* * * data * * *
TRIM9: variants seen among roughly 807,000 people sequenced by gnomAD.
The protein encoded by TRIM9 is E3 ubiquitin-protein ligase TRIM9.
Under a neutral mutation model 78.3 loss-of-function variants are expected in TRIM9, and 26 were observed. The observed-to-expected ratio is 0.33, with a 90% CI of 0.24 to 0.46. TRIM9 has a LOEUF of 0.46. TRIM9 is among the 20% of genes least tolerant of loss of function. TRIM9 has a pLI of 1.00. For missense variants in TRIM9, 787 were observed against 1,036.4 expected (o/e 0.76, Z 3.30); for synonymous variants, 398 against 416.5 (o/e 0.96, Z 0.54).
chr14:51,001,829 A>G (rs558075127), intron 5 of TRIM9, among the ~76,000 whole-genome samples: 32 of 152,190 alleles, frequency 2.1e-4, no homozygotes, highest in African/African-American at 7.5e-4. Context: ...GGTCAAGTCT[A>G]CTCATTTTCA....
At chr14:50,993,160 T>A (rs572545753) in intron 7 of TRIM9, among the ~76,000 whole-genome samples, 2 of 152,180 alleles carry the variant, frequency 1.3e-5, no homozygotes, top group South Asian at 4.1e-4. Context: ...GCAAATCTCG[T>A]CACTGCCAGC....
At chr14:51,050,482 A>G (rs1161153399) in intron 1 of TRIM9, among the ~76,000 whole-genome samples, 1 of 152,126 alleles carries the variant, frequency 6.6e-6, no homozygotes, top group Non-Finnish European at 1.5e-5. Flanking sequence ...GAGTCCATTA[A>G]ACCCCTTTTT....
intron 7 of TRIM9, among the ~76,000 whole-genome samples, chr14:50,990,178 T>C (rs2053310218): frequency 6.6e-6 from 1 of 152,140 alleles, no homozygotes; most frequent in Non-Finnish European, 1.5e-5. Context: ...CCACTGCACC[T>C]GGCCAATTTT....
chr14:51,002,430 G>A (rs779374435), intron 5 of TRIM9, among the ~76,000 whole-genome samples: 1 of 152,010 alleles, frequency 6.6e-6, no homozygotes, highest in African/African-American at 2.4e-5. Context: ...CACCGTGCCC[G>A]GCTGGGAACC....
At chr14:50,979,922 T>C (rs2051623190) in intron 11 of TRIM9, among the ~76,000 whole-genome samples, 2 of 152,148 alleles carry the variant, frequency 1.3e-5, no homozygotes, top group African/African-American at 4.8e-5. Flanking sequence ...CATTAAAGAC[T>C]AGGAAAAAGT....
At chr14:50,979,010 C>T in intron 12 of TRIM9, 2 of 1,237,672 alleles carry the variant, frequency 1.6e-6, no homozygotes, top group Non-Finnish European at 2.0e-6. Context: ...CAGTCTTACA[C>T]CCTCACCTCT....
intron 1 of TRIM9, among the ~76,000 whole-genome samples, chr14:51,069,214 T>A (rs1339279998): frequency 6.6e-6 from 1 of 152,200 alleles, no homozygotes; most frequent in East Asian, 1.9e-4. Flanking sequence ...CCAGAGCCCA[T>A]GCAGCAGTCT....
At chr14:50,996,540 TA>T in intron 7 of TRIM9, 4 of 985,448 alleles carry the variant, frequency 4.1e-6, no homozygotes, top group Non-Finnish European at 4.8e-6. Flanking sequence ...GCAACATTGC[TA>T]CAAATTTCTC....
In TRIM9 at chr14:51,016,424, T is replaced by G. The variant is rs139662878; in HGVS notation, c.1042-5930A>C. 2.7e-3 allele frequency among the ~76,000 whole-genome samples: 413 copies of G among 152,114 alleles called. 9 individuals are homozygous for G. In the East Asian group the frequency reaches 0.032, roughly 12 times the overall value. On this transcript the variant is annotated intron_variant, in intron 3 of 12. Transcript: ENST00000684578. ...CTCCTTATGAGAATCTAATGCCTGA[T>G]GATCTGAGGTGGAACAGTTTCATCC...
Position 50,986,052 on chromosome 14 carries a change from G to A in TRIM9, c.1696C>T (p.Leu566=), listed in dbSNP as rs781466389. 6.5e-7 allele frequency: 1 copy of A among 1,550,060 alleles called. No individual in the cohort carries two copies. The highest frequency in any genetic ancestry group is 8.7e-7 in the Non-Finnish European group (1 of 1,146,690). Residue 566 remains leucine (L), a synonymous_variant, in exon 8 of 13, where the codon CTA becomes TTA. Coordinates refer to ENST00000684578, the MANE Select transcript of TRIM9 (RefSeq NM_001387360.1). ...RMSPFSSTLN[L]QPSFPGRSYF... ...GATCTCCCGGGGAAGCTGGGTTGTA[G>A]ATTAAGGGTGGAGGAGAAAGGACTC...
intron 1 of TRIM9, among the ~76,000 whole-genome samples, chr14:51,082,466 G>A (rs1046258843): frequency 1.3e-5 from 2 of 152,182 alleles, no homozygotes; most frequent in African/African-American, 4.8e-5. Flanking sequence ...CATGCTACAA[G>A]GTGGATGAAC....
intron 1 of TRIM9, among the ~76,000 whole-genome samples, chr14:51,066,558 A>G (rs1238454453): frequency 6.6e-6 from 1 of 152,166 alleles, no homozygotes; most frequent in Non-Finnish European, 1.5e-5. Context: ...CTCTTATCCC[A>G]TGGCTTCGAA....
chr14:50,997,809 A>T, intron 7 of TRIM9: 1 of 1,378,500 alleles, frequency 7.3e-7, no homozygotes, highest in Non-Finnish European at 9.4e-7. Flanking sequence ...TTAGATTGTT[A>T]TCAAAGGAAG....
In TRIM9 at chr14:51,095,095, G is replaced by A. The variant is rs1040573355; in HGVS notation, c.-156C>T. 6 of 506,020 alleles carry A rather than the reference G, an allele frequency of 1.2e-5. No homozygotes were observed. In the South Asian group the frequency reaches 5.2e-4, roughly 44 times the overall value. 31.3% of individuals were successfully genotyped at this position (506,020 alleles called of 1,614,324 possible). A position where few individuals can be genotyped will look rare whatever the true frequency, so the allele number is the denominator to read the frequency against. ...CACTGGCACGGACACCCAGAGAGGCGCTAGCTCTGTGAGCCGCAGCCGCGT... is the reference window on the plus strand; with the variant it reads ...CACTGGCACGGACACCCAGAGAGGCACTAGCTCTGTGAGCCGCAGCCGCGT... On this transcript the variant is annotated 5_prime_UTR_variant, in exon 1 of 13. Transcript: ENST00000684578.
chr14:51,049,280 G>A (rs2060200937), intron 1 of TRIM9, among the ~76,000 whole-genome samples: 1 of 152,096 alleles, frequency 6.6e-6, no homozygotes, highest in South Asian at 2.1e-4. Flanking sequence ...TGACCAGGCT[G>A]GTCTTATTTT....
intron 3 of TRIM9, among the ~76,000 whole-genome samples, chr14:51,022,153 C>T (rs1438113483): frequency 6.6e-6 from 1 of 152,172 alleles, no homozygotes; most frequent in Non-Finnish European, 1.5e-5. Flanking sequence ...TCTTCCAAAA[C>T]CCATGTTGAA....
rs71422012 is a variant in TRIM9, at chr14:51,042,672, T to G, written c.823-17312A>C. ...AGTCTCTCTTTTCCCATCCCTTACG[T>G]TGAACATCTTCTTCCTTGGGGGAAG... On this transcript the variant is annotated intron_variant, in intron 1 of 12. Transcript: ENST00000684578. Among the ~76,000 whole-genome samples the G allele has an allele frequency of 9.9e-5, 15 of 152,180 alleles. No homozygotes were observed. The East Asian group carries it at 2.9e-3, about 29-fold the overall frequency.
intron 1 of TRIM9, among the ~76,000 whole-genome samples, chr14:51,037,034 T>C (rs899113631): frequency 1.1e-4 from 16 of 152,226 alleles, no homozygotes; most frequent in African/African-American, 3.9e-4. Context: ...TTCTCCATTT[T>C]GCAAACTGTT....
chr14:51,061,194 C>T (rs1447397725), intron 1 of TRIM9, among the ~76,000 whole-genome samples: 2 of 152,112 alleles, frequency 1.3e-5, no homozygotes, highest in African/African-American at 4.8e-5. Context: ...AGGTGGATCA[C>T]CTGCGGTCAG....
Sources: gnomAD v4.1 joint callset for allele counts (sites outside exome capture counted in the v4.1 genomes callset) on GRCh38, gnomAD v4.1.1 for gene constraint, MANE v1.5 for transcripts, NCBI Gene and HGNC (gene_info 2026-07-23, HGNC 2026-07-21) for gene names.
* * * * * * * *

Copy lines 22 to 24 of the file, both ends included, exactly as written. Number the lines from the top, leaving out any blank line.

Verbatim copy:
intron 1 of TRIM9, among the ~76,000 whole-genome samples, chr14:51,037,034 T>C (rs899113631): frequency 1.1e-4 from 16 of 152,226 alleles, no homozygotes; most frequent in African/African-American, 3.9e-4. Context: ...TTCTCCATTT[T>C]GCAAACTGTT....
chr14:51,061,194 C>T (rs1447397725), intron 1 of TRIM9, among the ~76,000 whole-genome samples: 2 of 152,112 alleles, frequency 1.3e-5, no homozygotes, highest in African/African-American at 4.8e-5. Context: ...AGGTGGATCA[C>T]CTGCGGTCAG....
Sources: gnomAD v4.1 joint callset for allele counts (sites outside exome capture counted in the v4.1 genomes callset) on GRCh38, gnomAD v4.1.1 for gene constraint, MANE v1.5 for transcripts, NCBI Gene and HGNC (gene_info 2026-07-23, HGNC 2026-07-21) for gene names.